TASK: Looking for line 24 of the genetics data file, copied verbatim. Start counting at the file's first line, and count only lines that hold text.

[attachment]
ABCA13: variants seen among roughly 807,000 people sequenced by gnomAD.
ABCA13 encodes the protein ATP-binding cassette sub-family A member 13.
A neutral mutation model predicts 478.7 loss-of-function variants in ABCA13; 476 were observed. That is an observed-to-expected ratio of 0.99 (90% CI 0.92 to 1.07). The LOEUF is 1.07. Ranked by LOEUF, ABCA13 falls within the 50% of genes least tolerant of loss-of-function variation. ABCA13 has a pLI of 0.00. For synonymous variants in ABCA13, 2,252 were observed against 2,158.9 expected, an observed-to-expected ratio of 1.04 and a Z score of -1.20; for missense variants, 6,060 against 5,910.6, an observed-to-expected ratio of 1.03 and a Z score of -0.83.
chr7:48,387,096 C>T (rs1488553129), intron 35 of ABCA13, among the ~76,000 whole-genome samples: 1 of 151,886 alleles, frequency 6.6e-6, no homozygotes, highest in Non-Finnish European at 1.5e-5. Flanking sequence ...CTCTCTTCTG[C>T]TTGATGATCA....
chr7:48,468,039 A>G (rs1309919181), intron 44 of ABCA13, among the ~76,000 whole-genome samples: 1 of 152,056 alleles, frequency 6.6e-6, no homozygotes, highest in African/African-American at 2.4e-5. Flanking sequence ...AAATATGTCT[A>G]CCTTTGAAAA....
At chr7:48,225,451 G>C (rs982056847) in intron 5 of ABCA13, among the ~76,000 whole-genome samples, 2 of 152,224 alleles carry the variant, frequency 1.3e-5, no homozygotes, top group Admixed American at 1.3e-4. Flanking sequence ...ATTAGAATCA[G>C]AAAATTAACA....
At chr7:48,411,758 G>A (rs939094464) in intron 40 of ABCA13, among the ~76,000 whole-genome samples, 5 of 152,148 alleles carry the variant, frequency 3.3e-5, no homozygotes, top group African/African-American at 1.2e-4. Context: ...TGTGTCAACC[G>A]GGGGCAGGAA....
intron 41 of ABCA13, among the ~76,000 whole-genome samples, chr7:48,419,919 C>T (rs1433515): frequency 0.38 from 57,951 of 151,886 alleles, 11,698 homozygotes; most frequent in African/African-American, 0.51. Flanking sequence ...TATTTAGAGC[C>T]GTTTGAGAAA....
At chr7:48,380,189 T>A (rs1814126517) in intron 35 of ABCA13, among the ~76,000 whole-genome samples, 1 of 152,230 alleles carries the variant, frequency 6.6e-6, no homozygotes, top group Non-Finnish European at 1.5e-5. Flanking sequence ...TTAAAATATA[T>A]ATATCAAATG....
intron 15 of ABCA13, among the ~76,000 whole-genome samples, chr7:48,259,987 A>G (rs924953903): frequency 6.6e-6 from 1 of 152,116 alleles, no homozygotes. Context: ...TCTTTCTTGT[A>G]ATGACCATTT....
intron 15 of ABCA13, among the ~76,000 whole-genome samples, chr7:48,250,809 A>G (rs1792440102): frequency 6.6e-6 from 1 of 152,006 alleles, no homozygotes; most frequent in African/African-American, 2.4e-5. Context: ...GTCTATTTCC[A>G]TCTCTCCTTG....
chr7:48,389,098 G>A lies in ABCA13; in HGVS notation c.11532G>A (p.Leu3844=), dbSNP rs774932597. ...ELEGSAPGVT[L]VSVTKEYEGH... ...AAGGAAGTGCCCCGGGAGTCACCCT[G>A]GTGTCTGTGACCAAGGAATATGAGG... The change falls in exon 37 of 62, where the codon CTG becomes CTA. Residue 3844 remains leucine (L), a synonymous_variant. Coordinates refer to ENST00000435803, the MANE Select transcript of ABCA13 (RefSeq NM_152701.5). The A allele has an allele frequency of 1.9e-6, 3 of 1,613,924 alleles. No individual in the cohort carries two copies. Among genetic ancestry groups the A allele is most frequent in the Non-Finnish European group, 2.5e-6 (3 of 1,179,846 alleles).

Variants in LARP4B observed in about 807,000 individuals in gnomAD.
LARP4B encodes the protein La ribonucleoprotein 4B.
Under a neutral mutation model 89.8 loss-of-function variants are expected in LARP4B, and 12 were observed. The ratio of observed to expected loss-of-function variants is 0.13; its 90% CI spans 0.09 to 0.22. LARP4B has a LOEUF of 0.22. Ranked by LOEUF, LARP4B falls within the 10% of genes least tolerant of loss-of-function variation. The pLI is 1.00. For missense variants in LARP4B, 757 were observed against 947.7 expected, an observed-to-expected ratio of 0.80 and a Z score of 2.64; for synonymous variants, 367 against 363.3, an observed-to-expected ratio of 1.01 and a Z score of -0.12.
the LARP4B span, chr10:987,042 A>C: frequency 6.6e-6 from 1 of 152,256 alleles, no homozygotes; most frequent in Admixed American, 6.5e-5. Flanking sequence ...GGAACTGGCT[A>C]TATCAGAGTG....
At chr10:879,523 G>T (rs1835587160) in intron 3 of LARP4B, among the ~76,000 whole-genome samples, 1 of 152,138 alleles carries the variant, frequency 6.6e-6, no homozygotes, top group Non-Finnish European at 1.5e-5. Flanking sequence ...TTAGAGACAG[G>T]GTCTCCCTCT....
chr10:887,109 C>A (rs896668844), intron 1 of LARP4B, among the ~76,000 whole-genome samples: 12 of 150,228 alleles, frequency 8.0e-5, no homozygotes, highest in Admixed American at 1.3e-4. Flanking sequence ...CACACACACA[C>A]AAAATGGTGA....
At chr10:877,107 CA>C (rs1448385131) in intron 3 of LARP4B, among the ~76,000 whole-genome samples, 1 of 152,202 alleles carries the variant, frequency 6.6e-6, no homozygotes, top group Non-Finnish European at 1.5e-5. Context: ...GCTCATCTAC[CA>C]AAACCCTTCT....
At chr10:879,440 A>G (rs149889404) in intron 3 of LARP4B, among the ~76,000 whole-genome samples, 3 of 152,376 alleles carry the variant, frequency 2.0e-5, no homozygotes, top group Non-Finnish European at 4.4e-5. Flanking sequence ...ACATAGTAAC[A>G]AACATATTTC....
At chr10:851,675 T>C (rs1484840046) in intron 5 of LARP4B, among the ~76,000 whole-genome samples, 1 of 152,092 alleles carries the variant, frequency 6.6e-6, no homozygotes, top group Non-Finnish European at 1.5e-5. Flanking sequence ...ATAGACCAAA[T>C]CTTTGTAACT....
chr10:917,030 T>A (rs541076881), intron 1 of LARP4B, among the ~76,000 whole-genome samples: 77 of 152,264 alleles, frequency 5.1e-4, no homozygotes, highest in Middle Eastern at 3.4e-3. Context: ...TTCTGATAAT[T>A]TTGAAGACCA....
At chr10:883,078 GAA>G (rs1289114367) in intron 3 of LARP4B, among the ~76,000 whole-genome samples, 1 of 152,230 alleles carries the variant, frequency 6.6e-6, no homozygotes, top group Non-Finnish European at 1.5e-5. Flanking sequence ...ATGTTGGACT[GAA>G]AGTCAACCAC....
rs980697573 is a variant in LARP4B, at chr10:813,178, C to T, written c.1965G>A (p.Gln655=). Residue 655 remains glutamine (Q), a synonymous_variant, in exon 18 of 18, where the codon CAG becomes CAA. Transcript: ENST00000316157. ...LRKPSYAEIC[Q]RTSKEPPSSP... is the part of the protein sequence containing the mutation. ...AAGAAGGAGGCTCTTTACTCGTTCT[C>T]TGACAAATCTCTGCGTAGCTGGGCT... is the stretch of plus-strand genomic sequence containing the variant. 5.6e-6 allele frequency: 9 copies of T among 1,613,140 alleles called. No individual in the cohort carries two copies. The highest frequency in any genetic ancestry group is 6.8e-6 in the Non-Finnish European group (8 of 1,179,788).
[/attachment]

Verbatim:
rs980697573 is a variant in LARP4B, at chr10:813,178, C to T, written c.1965G>A (p.Gln655=). Residue 655 remains glutamine (Q), a synonymous_variant, in exon 18 of 18, where the codon CAG becomes CAA. Transcript: ENST00000316157. ...LRKPSYAEIC[Q]RTSKEPPSSP... is the part of the protein sequence containing the mutation. ...AAGAAGGAGGCTCTTTACTCGTTCT[C>T]TGACAAATCTCTGCGTAGCTGGGCT... is the stretch of plus-strand genomic sequence containing the variant. 5.6e-6 allele frequency: 9 copies of T among 1,613,140 alleles called. No individual in the cohort carries two copies. The highest frequency in any genetic ancestry group is 6.8e-6 in the Non-Finnish European group (8 of 1,179,788).